✓ Chronic electrical stimulation of the thalamus is an effective treatment for essential and parkinsonian tremor. Although the preferred surgical target is generally accepted to lie within the ventral intermediate nucleus (Vim), the relationship between the surgically defined target and the true histologically defined target is addressed in only a few reports, due in large measure to the need for advanced cytoarchitectonic techniques to define the borders of the thalamic nuclei. The authors report on a patient who underwent effective thalamic deep brain stimulation (DBS) for tremor. By defining the boundaries of the thalamic nuclei, they were able to relate effective DBS to electrode location within the anterior region of the ventral posterior lateral nucleus—the proprioceptive shell of the sensory nucleus—and the posteroventral region of the ventral lateral nucleus, which are equivalent to the Vim defined by Hassler, et al.

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Valerie Voon, Jean Saint-Cyr, Andres M. Lozano, Elena Moro, Yu Yan Poon and Anthony E. Lang

Object. Postoperative psychiatric symptoms have been associated with subthalamic deep brain stimulation (DBS) for Parkinson disease (PD), and preoperative psychiatric vulnerability, the effects of surgery, stimulation, medication changes, and psychosocial adjustment have been proposed as causative factors. The variables involved in whether preoperative psychiatric symptoms improve or worsen following surgery are not yet known. In the present study, preoperative psychiatric symptoms were systematically assessed in patients with PD presenting for routine preoperative psychiatric assessment.

Methods. Forty consecutive patients with PD presenting for DBS were interviewed using the Mini International Neuropsychiatric Inventory. Current depressive symptoms were quantified using clinician- and patient-rated depression scales. Seventy-eight percent of patients had at least one lifetime or current Axis I psychiatric diagnosis. The prevalence of depression was 60% (95% confidence interval [CI] 45–85), psychosis 35% (95% CI 25–50), and anxiety 40% (95% CI 25–55). These prevalence rates were comparable to or greater than those in the general population of patients with PD. Twenty-three percent of patients required psychiatric treatment for current symptoms prior to being considered eligible for DBS.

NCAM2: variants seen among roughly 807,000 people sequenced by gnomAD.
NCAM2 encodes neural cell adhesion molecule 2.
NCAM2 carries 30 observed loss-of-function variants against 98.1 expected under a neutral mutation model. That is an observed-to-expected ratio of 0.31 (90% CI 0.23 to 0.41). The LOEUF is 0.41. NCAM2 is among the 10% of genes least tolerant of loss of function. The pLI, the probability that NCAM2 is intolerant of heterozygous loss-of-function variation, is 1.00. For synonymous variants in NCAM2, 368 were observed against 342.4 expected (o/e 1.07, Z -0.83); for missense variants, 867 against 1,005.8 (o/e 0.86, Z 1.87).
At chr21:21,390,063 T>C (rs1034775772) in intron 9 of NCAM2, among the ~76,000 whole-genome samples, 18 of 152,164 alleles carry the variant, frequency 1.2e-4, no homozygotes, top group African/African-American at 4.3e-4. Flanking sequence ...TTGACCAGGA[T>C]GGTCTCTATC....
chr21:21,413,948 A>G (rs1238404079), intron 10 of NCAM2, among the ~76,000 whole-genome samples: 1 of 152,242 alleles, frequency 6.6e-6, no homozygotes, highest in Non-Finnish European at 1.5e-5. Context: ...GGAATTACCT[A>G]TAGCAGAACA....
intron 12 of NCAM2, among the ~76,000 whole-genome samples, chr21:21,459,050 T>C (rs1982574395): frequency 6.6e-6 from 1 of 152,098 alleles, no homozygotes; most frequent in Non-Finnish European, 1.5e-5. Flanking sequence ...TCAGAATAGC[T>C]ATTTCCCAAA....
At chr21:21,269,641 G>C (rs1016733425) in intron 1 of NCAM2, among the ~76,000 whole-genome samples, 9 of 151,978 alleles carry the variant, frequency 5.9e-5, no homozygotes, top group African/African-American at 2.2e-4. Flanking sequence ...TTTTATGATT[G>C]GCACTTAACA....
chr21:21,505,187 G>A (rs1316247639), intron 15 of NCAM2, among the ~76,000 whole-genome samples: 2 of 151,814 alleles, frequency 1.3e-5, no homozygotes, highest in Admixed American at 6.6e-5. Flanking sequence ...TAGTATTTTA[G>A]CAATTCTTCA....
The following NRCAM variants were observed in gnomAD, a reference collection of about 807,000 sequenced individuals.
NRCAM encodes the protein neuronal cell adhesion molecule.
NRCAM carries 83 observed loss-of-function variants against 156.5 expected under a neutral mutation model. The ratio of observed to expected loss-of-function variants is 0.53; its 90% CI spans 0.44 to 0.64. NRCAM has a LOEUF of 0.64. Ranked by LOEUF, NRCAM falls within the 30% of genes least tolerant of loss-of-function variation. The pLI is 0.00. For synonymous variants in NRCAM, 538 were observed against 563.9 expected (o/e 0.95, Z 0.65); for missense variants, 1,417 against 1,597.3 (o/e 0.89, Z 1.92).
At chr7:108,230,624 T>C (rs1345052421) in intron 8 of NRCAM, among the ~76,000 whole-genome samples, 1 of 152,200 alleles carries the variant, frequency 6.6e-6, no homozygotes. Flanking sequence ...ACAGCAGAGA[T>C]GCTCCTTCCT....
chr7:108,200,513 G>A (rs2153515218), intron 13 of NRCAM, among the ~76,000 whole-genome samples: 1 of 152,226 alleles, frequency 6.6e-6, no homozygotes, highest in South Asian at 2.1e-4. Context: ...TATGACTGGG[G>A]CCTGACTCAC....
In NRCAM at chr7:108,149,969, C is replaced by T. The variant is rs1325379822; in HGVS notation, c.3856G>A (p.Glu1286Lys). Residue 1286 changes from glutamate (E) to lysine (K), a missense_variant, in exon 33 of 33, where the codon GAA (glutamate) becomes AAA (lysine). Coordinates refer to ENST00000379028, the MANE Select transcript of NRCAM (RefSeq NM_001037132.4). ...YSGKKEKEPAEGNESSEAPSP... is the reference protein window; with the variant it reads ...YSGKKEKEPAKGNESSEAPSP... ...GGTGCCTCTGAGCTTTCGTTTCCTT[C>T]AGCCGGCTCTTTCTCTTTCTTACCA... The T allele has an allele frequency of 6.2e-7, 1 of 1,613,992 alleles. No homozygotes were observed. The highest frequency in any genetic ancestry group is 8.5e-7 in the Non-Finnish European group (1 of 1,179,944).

Conclusions. As part of the selection process for surgery, members of the study population were chosen for their lack of overt dementia or other active disabling psychiatric symptomatology. The incidence rates of psychiatric disorders, including those diseases occurring in the general population affected with PD, were greater than expected. Data in the present study lead one to question the reliability of patient-rated depression scales as the sole instrument for assessing depression. The authors highlight the need for evidence-based guidelines in the management of these preoperative symptoms as well as the involvement of psychiatric personnel in the assessment and management of these symptoms.

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Jean A. Saint-Cyr, Tasnuva Hoque, Luiz C. M. Pereira, Jonathan O. Dostrovsky, William D. Hutchison, David J. Mikulis, Aviva Abosch, Elspeth Sime, Anthony E. Lang and Andres M. Lozano

Object. The authors sought to determine the location of deep brain stimulation (DBS) electrodes that were most effective in treating Parkinson disease (PD).